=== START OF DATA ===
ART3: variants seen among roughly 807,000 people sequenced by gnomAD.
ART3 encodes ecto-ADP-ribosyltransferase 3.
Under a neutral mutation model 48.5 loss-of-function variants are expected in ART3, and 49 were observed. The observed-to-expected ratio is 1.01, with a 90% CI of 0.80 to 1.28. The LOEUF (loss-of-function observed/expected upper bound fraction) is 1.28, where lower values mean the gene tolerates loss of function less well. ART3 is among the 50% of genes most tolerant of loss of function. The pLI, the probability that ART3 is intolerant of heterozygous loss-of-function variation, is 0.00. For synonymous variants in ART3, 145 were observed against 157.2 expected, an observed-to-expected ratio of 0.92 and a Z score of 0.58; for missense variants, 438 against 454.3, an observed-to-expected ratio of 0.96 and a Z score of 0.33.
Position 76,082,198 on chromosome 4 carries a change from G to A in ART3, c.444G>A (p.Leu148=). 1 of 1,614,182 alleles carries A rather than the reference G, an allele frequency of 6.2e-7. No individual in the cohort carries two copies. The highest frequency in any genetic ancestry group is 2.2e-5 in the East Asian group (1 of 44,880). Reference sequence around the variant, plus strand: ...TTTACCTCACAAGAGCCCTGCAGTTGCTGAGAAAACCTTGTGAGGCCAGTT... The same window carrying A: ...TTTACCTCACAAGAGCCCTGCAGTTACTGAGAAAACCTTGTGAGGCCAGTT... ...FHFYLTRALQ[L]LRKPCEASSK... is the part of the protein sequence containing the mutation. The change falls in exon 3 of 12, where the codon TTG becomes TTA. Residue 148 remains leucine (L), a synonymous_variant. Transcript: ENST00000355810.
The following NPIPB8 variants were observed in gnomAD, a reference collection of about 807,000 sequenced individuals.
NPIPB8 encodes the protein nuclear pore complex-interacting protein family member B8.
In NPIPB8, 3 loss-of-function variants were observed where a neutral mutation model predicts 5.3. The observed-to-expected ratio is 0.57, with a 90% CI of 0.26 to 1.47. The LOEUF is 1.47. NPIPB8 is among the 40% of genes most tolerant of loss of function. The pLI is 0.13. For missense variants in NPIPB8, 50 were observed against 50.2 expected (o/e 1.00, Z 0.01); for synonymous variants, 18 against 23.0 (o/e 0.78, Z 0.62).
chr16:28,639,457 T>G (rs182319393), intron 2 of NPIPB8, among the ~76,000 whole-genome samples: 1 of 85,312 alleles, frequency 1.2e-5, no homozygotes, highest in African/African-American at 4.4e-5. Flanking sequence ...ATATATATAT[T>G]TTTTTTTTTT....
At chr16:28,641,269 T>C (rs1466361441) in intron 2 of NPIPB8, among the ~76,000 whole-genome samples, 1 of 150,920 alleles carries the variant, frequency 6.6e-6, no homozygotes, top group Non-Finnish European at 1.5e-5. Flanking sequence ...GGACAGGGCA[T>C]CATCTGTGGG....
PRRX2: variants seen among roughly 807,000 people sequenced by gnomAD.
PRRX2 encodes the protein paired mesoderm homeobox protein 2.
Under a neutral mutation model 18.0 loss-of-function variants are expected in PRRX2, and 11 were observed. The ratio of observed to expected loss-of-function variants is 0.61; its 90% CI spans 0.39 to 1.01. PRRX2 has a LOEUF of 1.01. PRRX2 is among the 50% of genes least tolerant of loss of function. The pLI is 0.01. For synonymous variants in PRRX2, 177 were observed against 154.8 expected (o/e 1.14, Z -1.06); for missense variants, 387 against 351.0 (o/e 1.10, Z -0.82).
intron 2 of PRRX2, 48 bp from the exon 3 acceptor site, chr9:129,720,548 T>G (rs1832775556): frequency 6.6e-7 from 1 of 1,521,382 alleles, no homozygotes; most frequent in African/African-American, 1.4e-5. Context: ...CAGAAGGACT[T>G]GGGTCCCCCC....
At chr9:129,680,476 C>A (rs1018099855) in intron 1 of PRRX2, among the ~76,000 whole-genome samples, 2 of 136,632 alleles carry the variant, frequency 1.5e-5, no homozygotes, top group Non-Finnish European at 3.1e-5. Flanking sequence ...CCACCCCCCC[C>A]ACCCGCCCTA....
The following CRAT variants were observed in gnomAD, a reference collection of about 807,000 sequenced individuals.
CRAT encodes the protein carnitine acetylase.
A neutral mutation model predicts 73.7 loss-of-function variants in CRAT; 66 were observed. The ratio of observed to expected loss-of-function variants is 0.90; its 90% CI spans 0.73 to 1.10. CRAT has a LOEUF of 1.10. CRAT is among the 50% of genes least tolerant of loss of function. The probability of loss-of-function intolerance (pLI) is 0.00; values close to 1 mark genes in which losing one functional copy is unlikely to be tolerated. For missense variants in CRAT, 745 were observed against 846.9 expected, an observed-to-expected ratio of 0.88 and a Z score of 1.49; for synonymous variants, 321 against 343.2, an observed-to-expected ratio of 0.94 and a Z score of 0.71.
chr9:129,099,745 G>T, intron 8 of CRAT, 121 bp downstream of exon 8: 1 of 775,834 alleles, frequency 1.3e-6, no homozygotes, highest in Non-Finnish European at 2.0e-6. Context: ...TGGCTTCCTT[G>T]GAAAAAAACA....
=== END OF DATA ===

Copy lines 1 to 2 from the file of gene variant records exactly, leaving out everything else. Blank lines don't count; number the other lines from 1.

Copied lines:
ART3: variants seen among roughly 807,000 people sequenced by gnomAD.
ART3 encodes ecto-ADP-ribosyltransferase 3.